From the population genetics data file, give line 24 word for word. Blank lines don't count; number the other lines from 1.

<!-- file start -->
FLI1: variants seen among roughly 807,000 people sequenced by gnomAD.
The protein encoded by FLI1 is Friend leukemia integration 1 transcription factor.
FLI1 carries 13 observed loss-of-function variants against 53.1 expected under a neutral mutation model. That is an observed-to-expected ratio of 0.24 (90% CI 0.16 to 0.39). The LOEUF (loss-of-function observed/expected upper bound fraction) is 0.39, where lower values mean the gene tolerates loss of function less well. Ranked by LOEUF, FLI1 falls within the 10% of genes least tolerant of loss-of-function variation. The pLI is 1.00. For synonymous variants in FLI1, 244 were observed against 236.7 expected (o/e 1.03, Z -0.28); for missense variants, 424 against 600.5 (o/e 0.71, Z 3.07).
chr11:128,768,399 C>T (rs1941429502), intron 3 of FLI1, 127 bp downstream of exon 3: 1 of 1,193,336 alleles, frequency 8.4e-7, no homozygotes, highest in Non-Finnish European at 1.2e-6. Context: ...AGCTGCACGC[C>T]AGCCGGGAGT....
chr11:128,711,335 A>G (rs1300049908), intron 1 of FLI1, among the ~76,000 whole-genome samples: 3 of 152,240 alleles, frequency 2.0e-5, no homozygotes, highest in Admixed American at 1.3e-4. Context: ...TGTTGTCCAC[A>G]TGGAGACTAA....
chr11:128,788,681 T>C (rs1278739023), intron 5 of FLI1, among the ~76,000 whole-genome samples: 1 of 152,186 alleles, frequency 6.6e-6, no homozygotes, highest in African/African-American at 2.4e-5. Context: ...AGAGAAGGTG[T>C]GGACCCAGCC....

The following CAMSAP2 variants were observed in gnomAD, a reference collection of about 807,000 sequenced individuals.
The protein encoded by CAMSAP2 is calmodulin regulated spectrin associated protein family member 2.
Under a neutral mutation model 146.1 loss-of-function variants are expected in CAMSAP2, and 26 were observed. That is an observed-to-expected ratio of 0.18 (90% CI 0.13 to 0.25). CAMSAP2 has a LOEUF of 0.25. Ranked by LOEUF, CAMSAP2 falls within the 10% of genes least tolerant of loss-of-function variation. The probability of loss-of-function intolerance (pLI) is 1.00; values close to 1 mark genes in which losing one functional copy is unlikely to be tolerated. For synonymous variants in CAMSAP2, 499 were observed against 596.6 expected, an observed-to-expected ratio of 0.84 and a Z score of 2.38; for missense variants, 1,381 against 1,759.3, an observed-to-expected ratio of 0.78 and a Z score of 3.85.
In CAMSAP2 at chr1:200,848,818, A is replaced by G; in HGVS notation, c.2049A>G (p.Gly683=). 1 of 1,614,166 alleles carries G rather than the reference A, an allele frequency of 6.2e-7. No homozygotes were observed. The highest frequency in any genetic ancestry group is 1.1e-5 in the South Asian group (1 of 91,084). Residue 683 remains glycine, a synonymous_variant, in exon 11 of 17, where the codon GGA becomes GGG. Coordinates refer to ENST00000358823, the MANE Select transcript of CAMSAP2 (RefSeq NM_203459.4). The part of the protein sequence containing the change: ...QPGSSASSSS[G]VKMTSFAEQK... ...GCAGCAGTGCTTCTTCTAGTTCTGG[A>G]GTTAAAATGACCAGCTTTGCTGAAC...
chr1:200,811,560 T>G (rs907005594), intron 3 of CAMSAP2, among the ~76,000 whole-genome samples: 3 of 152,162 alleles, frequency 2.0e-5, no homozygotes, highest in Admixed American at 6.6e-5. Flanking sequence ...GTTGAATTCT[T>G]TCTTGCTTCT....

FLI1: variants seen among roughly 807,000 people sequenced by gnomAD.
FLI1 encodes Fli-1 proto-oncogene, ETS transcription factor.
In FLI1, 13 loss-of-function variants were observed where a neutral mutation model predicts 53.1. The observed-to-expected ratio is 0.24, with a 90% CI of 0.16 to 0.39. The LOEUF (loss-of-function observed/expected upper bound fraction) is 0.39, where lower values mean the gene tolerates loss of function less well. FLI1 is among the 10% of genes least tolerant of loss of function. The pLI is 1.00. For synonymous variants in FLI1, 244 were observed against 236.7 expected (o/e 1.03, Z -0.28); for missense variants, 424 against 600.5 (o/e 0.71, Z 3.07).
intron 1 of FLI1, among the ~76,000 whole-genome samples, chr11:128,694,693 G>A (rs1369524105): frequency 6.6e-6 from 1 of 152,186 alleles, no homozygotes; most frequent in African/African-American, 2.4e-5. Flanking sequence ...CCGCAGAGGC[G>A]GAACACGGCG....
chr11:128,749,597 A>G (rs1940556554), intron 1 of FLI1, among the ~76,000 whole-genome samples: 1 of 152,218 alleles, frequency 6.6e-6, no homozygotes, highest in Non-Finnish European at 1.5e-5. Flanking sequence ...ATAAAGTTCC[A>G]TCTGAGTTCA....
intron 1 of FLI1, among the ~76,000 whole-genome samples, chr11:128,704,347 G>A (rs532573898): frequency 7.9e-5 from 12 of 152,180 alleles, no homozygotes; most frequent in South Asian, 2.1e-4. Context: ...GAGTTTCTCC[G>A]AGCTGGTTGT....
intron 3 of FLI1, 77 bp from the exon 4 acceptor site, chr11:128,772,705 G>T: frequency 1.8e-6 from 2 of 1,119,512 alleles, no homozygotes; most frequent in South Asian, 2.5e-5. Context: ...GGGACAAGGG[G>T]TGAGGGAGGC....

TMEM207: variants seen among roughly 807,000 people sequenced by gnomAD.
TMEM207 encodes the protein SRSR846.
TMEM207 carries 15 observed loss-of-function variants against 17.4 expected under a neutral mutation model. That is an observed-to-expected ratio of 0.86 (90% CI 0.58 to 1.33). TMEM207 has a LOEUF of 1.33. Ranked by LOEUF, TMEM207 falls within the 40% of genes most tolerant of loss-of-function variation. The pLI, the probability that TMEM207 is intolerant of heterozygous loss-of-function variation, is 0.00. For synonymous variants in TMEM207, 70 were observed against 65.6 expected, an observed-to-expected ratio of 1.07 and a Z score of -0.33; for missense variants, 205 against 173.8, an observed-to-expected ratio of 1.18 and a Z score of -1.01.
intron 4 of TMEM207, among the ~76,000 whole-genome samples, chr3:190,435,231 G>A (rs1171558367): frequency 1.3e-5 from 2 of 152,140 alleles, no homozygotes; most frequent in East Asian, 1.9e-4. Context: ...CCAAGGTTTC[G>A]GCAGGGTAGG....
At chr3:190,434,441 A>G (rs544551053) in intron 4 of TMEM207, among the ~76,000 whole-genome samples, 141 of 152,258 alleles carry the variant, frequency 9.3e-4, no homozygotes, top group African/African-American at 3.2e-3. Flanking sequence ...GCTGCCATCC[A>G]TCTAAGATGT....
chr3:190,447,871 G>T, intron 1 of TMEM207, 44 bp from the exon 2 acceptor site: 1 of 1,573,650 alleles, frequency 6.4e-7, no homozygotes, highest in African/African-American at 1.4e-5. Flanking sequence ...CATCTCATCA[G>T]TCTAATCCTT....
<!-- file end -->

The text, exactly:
chr3:190,447,871 G>T, intron 1 of TMEM207, 44 bp from the exon 2 acceptor site: 1 of 1,573,650 alleles, frequency 6.4e-7, no homozygotes, highest in African/African-American at 1.4e-5. Flanking sequence ...CATCTCATCA[G>T]TCTAATCCTT....